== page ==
New Year honours recipients highlight what makes NZ unique

Prime Minister

The 183 recipients of New Year honours represent the best of New Zealand and what makes us unique in the world, Prime Minister Jacinda Ardern said.

“The 2023 New Year honours list is full of leaders and pioneers whose contribution has enriched us a country and helped make us unique in the world,” Jacinda Ardern said.

“Across sport, arts, te ao Māori, the environment, health and public service, philanthropy and so much more these recipients are not just good at that they do, in many instances they are leading the world.

The New Year 2023 honours list includes a number of appointments as Knights and Dames Companion of the New Zealand Order of Merit.

“Sir Ashley Bloomfield was absolutely central to our world leading response to COVID-19. He was completely dedicated to protecting New Zealanders health and did so in such a calm and considered way. He has been the epitome of a public servant.

“Dame Farah Palmer’s shoulders are those on which the success of the current Black Ferns squad was built. The winner of three Rugby World Cup titles herself, she wasn’t content with just inspiring on the field and through her role as a rugby administrator has been instrumental in building the women’s game to the success it is now.

“Our environment is central our identity as a country and Dame Jan Wright has been a tireless advocate for its protection. As Parliamentary Commissioner for the Environment her robust and independent reports on climate change and freshwater quality have informed policy and leave a legacy.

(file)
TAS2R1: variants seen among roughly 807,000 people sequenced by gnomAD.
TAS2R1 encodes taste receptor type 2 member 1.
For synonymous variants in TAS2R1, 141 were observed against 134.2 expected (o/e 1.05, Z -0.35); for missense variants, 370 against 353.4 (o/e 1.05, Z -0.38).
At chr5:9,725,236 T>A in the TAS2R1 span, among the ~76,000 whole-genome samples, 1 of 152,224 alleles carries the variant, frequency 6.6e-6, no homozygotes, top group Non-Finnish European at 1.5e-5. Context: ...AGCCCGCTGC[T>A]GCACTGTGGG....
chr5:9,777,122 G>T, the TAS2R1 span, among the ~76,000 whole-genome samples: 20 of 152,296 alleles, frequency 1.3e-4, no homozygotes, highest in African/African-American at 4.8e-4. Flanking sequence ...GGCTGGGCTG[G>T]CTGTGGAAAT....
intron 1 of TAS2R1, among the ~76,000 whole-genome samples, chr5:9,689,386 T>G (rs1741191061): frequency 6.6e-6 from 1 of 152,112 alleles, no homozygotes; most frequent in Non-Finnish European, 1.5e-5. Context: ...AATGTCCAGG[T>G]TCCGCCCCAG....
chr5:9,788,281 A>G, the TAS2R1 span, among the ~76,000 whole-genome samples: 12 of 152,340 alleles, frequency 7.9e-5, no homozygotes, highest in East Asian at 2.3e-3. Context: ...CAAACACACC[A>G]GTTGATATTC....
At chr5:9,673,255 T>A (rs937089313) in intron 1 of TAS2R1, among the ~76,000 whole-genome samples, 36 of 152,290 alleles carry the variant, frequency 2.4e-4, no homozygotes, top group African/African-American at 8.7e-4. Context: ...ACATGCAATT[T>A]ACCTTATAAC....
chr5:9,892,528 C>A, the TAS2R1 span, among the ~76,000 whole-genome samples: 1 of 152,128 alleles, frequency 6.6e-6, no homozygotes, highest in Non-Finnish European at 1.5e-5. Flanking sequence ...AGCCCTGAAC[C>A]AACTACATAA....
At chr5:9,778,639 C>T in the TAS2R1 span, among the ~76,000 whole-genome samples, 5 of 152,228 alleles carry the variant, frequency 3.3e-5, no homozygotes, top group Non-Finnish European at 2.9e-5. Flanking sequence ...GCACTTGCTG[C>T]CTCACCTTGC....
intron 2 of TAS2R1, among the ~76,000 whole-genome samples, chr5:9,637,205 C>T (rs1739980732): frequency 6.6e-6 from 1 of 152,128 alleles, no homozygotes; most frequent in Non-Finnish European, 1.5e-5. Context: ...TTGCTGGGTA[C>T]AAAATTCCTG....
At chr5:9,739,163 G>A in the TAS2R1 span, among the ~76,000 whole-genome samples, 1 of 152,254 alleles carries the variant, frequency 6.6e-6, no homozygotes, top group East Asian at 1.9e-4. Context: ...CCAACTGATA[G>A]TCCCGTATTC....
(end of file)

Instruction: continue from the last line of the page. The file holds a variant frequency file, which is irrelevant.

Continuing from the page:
“Sir Mark Dunajtschik’s philanthropic contribution to health services has made a real difference to so many. His financial support to build a new children’s hospital in Wellington as well as replacing a mental health facility in the Hutt Valley are but two of his significant and selfless contributions to the health and wellbeing of his community.

“Dame Miranda Harcourt has provided a heart and backbone to our theatre and screen industries for decades. A familiar on screen face to many, she has also been a driving force behind the scenes, bringing new talent to domestic and global attention as the Head of Acting at Toi Whakaari the New Zealand Drama School and as an acting coach and mentor to some our most successful actors and directors. This year she won the Kea World Class New Zealander supreme award for “accelerating the connection of the performing arts scene in New Zealand with the wider global community.

“Sir Haare Williams is a pioneer of Māori broadcasting and has played a key role in the development of te reo speakers in the film and television industry. Ensuring te reo Māori is published, spoken and performed is critical to its revitalisation and few have made such a significant contribution across academia and media to achieve that goal.

“On behalf of New Zealand I thank all the honourees on the list for their contribution, service and the inspiration they provide us,” Jacinda Ardern said.